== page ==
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By Michelle McGrade, chief investment officer of online investment platform TD Direct Investing

‘Is cash king?’

The current very low interest rate environment means investors are getting minimal returns from cash. The real return on cash is just into negative territory; this is because inflation is rising and is eating into its value. The cost of holding cash is also becoming an issue – indeed some banks in Europe are passing this cost on to customers and UK banks are thinking they may be forced to do the same if interest rates go down any further.

But it’s the invisible threat to cash in the shape of inflation that is a concern – when prices start to reflect rising inflation, which is already happening, your cash won’t buy as much. What does this mean? Let’s say today you have £100 in a savings account that pays a 0.25% interest rate. After a year, you will have £100.25 in your account. That’s not much to celebrate, and as a double whammy, inflation is currently running at 1.0%, so the real value of your money is effectively £99.25.

Inflation has risen because the prices of food, air fares and petrol have risen. Because inflation is outpacing the interest rate, you have actually lost some purchasing power. If your savings don’t grow to reflect this rise in prices over time, in effect you will be losing money.

Despite this, there are some good reasons why you should hold at least some cash.

As well as keeping some aside for emergencies and liquidity, it is sensible for investors to have some allocation to cash within their portfolios. Alongside asset classes like government bonds and gold, cash is a ‘safe haven’ asset. These assets tend to hold their value during periods of market volatility as they generally have a low or negative correlation with equities. What makes cash unique among safe haven assets is that it holds its absolute value. In other words, its value stays steady though its relative value versus other asset classes and other currencies may fluctuate.

‘The dash from cash’

As illustrated above, cash produces almost no return/yield in an environment where the central banks are keeping interest rates low to stimulate economic growth. Central banks started this in the wake of the global financial crisis and we continue to see it today. The current rate paid to cash investors is very low compared with the yield paid to investors with riskier assets like equities. As and when central banks do start to raise interest rates, cash investments would be expected to see an increase in yield over time. The chart below shows cash, UK inflation and the Bank of England interest rate since 1989, when Libor was introduced as a measure of the value of cash.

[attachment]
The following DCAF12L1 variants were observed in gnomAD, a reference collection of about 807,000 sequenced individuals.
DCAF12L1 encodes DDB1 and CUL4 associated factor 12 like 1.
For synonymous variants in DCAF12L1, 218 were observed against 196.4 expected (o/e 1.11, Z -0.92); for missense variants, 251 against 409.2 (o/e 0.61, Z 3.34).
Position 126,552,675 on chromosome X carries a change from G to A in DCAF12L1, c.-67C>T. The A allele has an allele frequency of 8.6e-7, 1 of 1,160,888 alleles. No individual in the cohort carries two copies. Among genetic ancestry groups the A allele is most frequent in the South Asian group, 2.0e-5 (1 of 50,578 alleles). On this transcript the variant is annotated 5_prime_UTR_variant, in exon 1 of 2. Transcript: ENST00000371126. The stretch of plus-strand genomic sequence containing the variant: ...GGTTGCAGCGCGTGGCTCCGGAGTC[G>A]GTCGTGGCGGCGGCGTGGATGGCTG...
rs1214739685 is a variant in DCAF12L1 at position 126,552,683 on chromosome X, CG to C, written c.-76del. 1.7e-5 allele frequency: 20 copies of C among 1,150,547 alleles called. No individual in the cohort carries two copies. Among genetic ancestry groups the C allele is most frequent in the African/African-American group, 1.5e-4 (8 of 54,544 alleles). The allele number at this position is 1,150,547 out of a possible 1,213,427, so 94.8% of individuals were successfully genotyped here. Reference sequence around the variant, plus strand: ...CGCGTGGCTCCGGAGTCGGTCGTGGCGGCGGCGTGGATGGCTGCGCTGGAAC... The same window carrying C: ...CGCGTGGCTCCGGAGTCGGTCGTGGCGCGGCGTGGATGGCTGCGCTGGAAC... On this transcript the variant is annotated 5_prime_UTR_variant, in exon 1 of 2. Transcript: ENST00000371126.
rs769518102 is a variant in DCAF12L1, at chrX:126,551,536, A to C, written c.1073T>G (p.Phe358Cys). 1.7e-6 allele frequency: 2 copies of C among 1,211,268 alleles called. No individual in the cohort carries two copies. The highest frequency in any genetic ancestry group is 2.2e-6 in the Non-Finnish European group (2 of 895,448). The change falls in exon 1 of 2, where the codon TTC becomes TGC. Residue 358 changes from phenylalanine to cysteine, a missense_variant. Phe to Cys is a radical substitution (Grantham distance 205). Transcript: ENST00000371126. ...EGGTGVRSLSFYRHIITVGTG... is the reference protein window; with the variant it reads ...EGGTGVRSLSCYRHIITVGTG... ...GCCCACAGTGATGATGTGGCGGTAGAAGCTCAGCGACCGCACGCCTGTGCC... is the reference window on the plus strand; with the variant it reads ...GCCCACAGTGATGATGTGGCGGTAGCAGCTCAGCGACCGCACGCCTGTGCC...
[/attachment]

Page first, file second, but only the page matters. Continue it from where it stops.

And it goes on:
Cash, inflation and interest rates since 1989
Cash, inflation and interest rates since 1989

When interest rates rise – and they will

In periods of rising interest rates, and rising inflation, cash performs well relative to other asset classes because it’s less sensitive to interest rate changes – also described as having short duration. Duration measures how much an asset’s price is expected to fall or rise when interest rates rise/fall.

How much should I allocate to cash?

When making cash allocation decisions, investors need to consider their investment objectives, time horizon and risk tolerance. An investor with a long-term investment horizon and high return objectives may want to hold only a relatively small cash position in their portfolio. For those with a shorter-term horizon more cash may be appropriate.

If you’re a young person planning to buy a house soon, you may want to hold all your assets in cash so you’re ready to deploy it when the right opportunity comes along. Even if you’re not looking to invest in a property, you are likely to want to set aside some cash for holidays or important purchases like a car. If you have children you may need access to money to pay for school or university fees. Think about what you may need to spend on and ensure you have access to enough cash to cover these costs.

What should I do with the rest?

The short answer is invest it. At TD Direct Investing, we take the view that investors should use cash as part of an active asset allocation decision within their portfolios depending on their investment objectives.


Given the current uncertain backdrop where both equities and bonds are starting to look fully valued some investors are nervous about how to protect their capital. A good way of doing this could be via a defensive multi-asset fund. Such funds often have large cash allocations and typically lag behind their peers during stock market rallies, but are better placed to protect capital when markets undergo a downturn. It is therefore logical for investors to hold these types of funds so they can make gains, or at least not lose money, in both bull and bear markets.

There are a number of multi-asset funds in our Recommended Funds list which have a large allocation to cash. Funds you could look at include Investec Cautious Managed, Henderson Cautious Managed and Premier Multi-Asset Growth & Income.

Time, not timing

Markets don’t go up or down in straight lines and it’s always difficult to pick the right time to invest. Investors should not be using cash as a way of timing the market. Once you invest, stay invested to give you the best possible chance of growing your assets over time.

You can take some of the emotion out of the timing of investment decisions by using regular investing on your account, which will automatically drip feed your money into investments over a longer period, smoothing out the highs and lows of the market.